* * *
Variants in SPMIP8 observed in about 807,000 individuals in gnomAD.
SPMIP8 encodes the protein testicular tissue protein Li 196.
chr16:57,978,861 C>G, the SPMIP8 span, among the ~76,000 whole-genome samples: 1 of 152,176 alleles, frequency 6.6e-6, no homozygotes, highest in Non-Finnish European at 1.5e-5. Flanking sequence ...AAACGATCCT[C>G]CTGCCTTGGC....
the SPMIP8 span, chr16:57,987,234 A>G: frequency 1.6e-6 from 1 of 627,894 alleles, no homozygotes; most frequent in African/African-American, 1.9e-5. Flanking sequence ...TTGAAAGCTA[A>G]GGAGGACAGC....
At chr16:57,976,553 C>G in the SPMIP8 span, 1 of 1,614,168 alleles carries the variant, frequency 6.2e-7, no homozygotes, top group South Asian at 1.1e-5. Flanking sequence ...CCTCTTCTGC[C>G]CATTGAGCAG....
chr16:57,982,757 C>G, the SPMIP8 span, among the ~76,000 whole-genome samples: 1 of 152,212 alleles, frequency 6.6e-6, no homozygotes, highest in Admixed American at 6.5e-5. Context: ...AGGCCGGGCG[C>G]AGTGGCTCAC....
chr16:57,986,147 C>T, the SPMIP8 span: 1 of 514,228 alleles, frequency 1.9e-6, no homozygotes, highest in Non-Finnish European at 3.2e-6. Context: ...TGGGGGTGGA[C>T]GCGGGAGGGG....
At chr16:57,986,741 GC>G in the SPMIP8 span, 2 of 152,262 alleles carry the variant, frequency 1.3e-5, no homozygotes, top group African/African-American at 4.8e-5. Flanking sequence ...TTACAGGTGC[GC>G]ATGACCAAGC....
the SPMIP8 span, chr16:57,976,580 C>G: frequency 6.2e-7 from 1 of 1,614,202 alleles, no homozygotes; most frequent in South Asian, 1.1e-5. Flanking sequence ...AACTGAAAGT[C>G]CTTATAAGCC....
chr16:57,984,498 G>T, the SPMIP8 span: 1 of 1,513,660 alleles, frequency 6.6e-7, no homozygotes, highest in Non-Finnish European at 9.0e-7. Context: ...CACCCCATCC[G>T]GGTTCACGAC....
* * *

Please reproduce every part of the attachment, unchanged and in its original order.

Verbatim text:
Variants in SPMIP8 observed in about 807,000 individuals in gnomAD.
SPMIP8 encodes the protein testicular tissue protein Li 196.
chr16:57,978,861 C>G, the SPMIP8 span, among the ~76,000 whole-genome samples: 1 of 152,176 alleles, frequency 6.6e-6, no homozygotes, highest in Non-Finnish European at 1.5e-5. Flanking sequence ...AAACGATCCT[C>G]CTGCCTTGGC....
the SPMIP8 span, chr16:57,987,234 A>G: frequency 1.6e-6 from 1 of 627,894 alleles, no homozygotes; most frequent in African/African-American, 1.9e-5. Flanking sequence ...TTGAAAGCTA[A>G]GGAGGACAGC....
At chr16:57,976,553 C>G in the SPMIP8 span, 1 of 1,614,168 alleles carries the variant, frequency 6.2e-7, no homozygotes, top group South Asian at 1.1e-5. Flanking sequence ...CCTCTTCTGC[C>G]CATTGAGCAG....
chr16:57,982,757 C>G, the SPMIP8 span, among the ~76,000 whole-genome samples: 1 of 152,212 alleles, frequency 6.6e-6, no homozygotes, highest in Admixed American at 6.5e-5. Context: ...AGGCCGGGCG[C>G]AGTGGCTCAC....
chr16:57,986,147 C>T, the SPMIP8 span: 1 of 514,228 alleles, frequency 1.9e-6, no homozygotes, highest in Non-Finnish European at 3.2e-6. Context: ...TGGGGGTGGA[C>T]GCGGGAGGGG....
At chr16:57,986,741 GC>G in the SPMIP8 span, 2 of 152,262 alleles carry the variant, frequency 1.3e-5, no homozygotes, top group African/African-American at 4.8e-5. Flanking sequence ...TTACAGGTGC[GC>G]ATGACCAAGC....
the SPMIP8 span, chr16:57,976,580 C>G: frequency 6.2e-7 from 1 of 1,614,202 alleles, no homozygotes; most frequent in South Asian, 1.1e-5. Flanking sequence ...AACTGAAAGT[C>G]CTTATAAGCC....
chr16:57,984,498 G>T, the SPMIP8 span: 1 of 1,513,660 alleles, frequency 6.6e-7, no homozygotes, highest in Non-Finnish European at 9.0e-7. Context: ...CACCCCATCC[G>T]GGTTCACGAC....